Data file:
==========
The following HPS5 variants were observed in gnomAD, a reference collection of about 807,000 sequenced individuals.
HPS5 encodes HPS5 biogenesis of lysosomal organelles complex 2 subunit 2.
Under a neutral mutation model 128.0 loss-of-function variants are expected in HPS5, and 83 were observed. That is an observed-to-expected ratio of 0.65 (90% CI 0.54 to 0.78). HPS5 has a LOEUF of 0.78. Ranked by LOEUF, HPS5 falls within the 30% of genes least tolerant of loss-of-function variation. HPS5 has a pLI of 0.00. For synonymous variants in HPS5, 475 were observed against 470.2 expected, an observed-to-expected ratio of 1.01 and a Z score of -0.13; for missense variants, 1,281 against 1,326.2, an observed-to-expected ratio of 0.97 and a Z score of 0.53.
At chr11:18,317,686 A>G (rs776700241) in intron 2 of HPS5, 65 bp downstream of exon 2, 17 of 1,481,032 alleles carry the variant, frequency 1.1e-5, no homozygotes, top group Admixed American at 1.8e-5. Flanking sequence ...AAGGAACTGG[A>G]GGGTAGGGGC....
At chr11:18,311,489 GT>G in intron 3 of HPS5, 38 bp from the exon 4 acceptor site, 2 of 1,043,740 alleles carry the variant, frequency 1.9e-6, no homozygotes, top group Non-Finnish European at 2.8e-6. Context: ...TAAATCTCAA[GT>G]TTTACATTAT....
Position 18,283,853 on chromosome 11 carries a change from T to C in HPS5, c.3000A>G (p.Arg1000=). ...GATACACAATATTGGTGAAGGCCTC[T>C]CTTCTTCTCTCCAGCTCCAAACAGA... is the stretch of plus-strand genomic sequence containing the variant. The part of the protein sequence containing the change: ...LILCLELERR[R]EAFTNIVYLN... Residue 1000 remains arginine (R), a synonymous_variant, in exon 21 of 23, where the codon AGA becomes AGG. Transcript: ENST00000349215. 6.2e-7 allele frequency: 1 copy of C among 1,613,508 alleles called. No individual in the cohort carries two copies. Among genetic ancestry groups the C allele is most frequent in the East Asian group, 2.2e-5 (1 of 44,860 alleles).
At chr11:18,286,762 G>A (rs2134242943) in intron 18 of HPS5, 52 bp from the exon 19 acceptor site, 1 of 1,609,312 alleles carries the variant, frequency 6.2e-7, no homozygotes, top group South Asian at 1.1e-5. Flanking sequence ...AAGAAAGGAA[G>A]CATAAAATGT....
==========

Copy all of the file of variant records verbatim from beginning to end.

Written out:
The following HPS5 variants were observed in gnomAD, a reference collection of about 807,000 sequenced individuals.
HPS5 encodes HPS5 biogenesis of lysosomal organelles complex 2 subunit 2.
Under a neutral mutation model 128.0 loss-of-function variants are expected in HPS5, and 83 were observed. That is an observed-to-expected ratio of 0.65 (90% CI 0.54 to 0.78). HPS5 has a LOEUF of 0.78. Ranked by LOEUF, HPS5 falls within the 30% of genes least tolerant of loss-of-function variation. HPS5 has a pLI of 0.00. For synonymous variants in HPS5, 475 were observed against 470.2 expected, an observed-to-expected ratio of 1.01 and a Z score of -0.13; for missense variants, 1,281 against 1,326.2, an observed-to-expected ratio of 0.97 and a Z score of 0.53.
At chr11:18,317,686 A>G (rs776700241) in intron 2 of HPS5, 65 bp downstream of exon 2, 17 of 1,481,032 alleles carry the variant, frequency 1.1e-5, no homozygotes, top group Admixed American at 1.8e-5. Flanking sequence ...AAGGAACTGG[A>G]GGGTAGGGGC....
At chr11:18,311,489 GT>G in intron 3 of HPS5, 38 bp from the exon 4 acceptor site, 2 of 1,043,740 alleles carry the variant, frequency 1.9e-6, no homozygotes, top group Non-Finnish European at 2.8e-6. Context: ...TAAATCTCAA[GT>G]TTTACATTAT....
Position 18,283,853 on chromosome 11 carries a change from T to C in HPS5, c.3000A>G (p.Arg1000=). ...GATACACAATATTGGTGAAGGCCTC[T>C]CTTCTTCTCTCCAGCTCCAAACAGA... is the stretch of plus-strand genomic sequence containing the variant. The part of the protein sequence containing the change: ...LILCLELERR[R]EAFTNIVYLN... Residue 1000 remains arginine (R), a synonymous_variant, in exon 21 of 23, where the codon AGA becomes AGG. Transcript: ENST00000349215. 6.2e-7 allele frequency: 1 copy of C among 1,613,508 alleles called. No individual in the cohort carries two copies. Among genetic ancestry groups the C allele is most frequent in the East Asian group, 2.2e-5 (1 of 44,860 alleles).
At chr11:18,286,762 G>A (rs2134242943) in intron 18 of HPS5, 52 bp from the exon 19 acceptor site, 1 of 1,609,312 alleles carries the variant, frequency 6.2e-7, no homozygotes, top group South Asian at 1.1e-5. Flanking sequence ...AAGAAAGGAA[G>A]CATAAAATGT....